Microsoft, Google, Facebook and Accenture are among 51 US companies responding to President Barack Obama's call to address the global refugee crisis and aid refugees both in America and around the world. These companies have committed to investing, donating or raising more than $650m (£500m) to support the over 6.3 million refugees across at least 20 countries, President Obama said on 20 September at the Leaders Summit on Refugees at the United Nations.
"You have companies like Accenture, Western Union, and LinkedIn that are going to help with internships, skills training and job placement," Obama said. "So today's commitment means that we're going to be creating employment opportunities for more than 220,000 refugees.
"Meanwhile, companies like MasterCard, Johnson & Johnson, Goldman Sachs, and Airbnb are going to help refugees become more self-sufficient by getting online, accessing aid, finding housing, health care, and financial services. And the private sector is also driving change through investment. For example, George Soros and the Soros Fund Management is making an extraordinary investment of up to $500 million in companies that come up with sustainable long-term solutions to help refugees."
Over 65.3 million people around the world were "forcibly displaced" as a result of conflict or persecution in 2015 alone, the UN refugee agency estimates. Nearly 21.3 million of them are refugees with over half of them under the age of 18. The unprecedented forced displacement is the biggest the world has witnessed since World War II.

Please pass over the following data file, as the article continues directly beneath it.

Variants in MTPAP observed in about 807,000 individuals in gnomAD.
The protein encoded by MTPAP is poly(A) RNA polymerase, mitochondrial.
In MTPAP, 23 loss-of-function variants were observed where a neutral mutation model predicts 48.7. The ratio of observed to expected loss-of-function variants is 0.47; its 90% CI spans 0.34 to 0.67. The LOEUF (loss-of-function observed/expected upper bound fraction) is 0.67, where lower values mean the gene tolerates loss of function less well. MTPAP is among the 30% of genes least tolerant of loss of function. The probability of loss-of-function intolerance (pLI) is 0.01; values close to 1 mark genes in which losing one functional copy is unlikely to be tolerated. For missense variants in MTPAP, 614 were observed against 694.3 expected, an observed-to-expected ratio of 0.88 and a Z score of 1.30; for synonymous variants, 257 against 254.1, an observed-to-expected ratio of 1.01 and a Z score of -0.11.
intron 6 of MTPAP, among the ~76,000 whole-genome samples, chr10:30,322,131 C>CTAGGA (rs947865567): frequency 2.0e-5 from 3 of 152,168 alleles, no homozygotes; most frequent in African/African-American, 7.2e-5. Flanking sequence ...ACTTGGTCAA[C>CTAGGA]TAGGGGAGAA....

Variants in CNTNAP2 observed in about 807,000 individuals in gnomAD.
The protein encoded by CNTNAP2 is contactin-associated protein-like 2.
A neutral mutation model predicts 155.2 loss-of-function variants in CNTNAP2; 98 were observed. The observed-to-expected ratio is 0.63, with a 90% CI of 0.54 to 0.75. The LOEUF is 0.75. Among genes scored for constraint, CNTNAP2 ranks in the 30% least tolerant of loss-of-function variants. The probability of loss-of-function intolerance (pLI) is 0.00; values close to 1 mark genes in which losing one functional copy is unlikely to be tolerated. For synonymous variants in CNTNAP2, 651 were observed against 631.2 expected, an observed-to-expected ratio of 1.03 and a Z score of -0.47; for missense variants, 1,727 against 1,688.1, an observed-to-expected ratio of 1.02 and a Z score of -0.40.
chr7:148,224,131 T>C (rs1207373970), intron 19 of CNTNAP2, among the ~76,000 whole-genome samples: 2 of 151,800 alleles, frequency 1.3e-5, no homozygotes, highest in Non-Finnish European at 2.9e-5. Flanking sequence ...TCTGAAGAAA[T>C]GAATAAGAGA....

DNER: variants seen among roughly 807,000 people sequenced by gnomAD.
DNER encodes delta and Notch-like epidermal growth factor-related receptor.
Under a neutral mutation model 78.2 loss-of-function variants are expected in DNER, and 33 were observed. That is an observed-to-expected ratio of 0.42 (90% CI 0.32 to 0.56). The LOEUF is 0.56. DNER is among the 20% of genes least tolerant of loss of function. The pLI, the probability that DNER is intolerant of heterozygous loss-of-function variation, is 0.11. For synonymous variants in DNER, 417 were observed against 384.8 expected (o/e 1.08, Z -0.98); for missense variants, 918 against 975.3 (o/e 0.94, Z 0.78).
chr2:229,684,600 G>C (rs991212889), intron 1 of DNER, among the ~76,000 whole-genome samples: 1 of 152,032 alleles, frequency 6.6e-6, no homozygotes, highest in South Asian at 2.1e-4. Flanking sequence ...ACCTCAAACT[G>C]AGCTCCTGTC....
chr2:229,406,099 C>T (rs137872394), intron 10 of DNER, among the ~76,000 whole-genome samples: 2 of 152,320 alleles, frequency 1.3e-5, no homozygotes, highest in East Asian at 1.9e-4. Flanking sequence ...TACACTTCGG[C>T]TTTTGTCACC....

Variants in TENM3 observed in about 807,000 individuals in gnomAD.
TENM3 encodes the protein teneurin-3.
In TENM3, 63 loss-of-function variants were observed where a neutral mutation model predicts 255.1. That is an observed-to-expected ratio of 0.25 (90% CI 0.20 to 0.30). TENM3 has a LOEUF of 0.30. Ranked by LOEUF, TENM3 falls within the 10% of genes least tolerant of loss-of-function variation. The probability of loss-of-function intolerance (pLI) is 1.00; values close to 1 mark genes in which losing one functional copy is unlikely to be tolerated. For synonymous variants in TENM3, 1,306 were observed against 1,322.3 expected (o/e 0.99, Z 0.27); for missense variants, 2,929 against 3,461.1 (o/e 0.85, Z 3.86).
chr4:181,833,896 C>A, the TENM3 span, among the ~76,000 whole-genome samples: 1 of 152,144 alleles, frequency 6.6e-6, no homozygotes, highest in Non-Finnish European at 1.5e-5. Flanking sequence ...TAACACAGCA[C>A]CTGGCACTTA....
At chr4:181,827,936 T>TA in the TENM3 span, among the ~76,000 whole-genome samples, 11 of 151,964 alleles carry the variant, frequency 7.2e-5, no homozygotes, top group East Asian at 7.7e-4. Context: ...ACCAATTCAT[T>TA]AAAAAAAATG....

Obama said the crisis is a "test of our international system" where all nations should share in the collective responsibilities, given the fact that most of the refugees are hosted by just 10 countries who bear "a very heavy burden" with fewer resources than most.
In June, the White House announced the creation of the Partnership for Refugees to provide guidance and facilitate their commitments in response to President Obama's Call to Action to make sure that their pledges are "sustainable and responsive to refugees' needs."
Some of the tech companies that have responded so far include Airbnb, IBM, Twitter, Autodesk, Coursera, TripAdvisor, Uber and Zynga among others.
To support the Partnership for Refugees as well as Upwardly Global, Accenture has pledged to provide more than $3m in financial support and in-kind strategic consulting, digital services and programme management.
Airbnb, which has already been working with the UN refugee agency to provide accommodations for relief workers, has also committed to develop a programme that allows existing Airbnb hosts to temporarily accommodate refugee families when there are no long-term housing options available.
Besides raising awareness and funds through its social media platform, Facebook has committed to bringing Wi-Fi connectivity to around 35 locations across Greece and develop an initiative to help bring internet connectivity to refugee camps and surrounding areas as well.
Uber has pledged to work with US resettlement agencies to provide jobs to refugees through its platform as well as connect potential drivers with auto discounts and affordable, low-risk leases.
Google's philanthropic arm, Google.org, also plans to donate $1m to George and Amal Clooney's Clooney Foundation for Justice to help educate Syrian refugee children in Lebanon.
"For these companies to put themselves out there on behalf of the most vulnerable citizens in the world is not just an extraordinary gesture of compassion, but I think it's also a recognition that, for those of us who benefit from this increasingly integrated global society, we can only sustain what we do to the extent that we're making sure that the least of these, the most vulnerable among us, also have hope, also have opportunity," Obama said.
"I want to thank them for doing good, but I want to emphasize that, from their perspective, this isn't charity, this is part of their overall mission and makes good business sense."